From the viewpoint of preventing adverse reactions such as anaphylactic shock it is thus preferred that the peptide consists of two to six amino acids, more preferably consists of three to five amino acids, and most preferably consists of three or four amino acids. From the viewpoint of activity, based on a general insight that activity is broader with increasing peptide size, if only to withstand full proteolysis longer whereby metabolic fragments of three aa still have activity, it is herein preferred that said peptide consists of four amino acids. Above and below described compositions are preferably used for the treatment of cancer.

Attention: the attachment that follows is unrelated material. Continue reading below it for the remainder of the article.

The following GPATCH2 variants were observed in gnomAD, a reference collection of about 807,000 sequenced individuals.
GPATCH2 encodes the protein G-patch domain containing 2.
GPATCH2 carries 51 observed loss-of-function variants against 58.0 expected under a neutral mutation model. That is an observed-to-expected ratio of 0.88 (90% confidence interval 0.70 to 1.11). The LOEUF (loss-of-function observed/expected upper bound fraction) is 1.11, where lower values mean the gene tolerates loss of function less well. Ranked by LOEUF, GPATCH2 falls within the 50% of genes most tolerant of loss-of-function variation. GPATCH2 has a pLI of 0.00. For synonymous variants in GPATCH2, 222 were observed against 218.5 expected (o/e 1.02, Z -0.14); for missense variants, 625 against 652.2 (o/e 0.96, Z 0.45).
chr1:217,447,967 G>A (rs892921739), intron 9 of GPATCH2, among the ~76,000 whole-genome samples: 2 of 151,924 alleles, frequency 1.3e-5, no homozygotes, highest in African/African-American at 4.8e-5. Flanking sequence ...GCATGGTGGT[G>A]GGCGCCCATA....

Very suitable peptides for use in the treatment of cancer according to the invention are VVC, LAG, AQG, LQGV (SEQ ID NO:1), QVVC (SEQ ID NO:5), MTRV (SEQ ID NO:6), AQGV (SEQ ID NO:2), LAGV (SEQ ID NO:3), LQAV (SEQ ID NO:7), PGCP (SEQ ID NO:8), VGQL (SEQ ID NO:9), RVLQ (SEQ ID NO:10), EMFQ (SEQ ID NO:11), AVAL (SEQ ID NO:12), FVLS (SEQ ID NO:13), NMWD (SEQ ID NO:14), LCFL (SEQ ID NO:15), FSYA (SEQ ID NO:16), FWVD (SEQ ID NO:17), AFTV (SEQ ID NO:18), LGTL (SEQ ID NO:19), QLLG (SEQ ID NO:20), YAIT (SEQ ID NO:21), APSL (SEQ ID NO:22), ITTL (SEQ ID NO:23), QALG (SEQ ID NO:24), GVLC (SEQ ID NO:25), NLIN (SEQ ID NO:26), SPIE (SEQ ID NO:27), LNTI (SEQ ID NO:28), LHNL (SEQ ID NO:29), CPVQ (SEQ ID NO:30), EVVR (SEQ ID NO:31), MTEV (SEQ ID NO:32), EALE (SEQ ID NO:33), EPPE (SEQ ID NO:34), LGTL (SEQ ID NO:19), VGGI (SEQ ID NO:35), RLPG (SEQ ID NO:36), LQGA (SEQ ID NO:37), LCFL (SEQ ID NO:15), TLAVE (SEQ ID NO:38), VEGNL (SEQ ID NO:39), or LNEAL (SEQ ID NO:40). Herewith, the invention also provides a pharmaceutical composition having anti-cell cycle activity useful in the treatment of cancer. The cell cycle is an ordered set of events, culminating in cell growth and division into two daughter cells. The stages of the cell cycle are G1-S-G2-M. The G1 stage stands for “GAP 1.” The S stage stands for “Synthesis.” This is the stage when DNA replication occurs. The G2 stage stands for “GAP 2.” The M stage stands for “mitosis,” and is when nuclear (chromosomes separate) and cytoplasmic (cytokinesis) division occur. The term “anti-cell cycle activity” as used herein is meant to indicate that the peptide is capable of altering cell cycle dynamics. For example, it comprises altering, i.e., increasing or reducing, the frequency of cell division. In one embodiment, it refers to an anti-proliferative activity.